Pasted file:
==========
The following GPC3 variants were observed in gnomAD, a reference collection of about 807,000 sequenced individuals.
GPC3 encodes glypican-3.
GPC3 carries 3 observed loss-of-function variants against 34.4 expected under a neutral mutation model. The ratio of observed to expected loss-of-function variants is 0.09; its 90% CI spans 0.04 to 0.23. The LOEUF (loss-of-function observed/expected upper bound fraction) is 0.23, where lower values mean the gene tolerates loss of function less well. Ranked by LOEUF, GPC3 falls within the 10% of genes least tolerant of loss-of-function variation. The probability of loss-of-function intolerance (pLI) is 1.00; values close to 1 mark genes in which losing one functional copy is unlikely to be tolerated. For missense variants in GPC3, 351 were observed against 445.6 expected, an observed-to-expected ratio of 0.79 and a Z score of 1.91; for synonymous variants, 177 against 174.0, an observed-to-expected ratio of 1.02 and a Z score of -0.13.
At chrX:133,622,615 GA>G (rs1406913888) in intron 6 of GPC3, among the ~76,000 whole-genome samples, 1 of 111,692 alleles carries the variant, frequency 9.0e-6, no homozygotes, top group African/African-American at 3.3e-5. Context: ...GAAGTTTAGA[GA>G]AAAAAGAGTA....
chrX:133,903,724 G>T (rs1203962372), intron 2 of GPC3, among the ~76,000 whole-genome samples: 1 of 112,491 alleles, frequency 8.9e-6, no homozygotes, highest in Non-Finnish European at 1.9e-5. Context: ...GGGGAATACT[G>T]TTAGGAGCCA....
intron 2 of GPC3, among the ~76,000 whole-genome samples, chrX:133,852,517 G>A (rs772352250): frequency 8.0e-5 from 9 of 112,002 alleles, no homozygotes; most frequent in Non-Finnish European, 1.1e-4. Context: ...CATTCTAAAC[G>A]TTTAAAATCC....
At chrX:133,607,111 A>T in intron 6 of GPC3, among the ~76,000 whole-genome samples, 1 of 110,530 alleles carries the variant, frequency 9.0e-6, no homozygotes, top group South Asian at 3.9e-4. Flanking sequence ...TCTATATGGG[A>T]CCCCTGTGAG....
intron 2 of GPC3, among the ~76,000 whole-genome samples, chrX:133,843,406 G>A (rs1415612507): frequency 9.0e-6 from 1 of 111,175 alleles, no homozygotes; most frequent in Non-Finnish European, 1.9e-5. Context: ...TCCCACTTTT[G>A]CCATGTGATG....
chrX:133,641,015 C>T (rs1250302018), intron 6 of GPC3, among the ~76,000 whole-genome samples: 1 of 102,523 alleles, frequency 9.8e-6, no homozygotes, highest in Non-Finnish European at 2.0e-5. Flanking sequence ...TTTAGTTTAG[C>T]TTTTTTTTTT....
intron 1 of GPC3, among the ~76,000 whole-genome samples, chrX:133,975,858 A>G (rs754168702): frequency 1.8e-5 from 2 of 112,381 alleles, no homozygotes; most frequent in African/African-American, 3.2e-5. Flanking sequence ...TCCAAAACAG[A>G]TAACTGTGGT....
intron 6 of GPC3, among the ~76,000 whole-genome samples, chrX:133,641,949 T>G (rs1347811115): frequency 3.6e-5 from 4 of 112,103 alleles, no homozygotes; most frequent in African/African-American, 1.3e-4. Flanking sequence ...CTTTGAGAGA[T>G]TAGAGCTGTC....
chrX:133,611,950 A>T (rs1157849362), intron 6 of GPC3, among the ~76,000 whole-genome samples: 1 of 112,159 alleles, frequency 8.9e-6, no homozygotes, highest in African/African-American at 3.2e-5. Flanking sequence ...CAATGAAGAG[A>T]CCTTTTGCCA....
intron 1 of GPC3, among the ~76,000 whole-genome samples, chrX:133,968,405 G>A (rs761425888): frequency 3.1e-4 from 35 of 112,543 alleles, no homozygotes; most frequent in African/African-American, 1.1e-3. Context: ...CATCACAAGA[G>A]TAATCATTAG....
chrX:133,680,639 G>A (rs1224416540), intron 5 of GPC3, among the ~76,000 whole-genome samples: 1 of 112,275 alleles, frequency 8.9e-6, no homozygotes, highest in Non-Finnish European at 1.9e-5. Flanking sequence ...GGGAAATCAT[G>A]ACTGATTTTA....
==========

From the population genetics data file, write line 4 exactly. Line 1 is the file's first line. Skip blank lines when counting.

At chrX:133,622,615 GA>G (rs1406913888) in intron 6 of GPC3, among the ~76,000 whole-genome samples, 1 of 111,692 alleles carries the variant, frequency 9.0e-6, no homozygotes, top group African/African-American at 3.3e-5. Context: ...GAAGTTTAGA[GA>G]AAAAAGAGTA....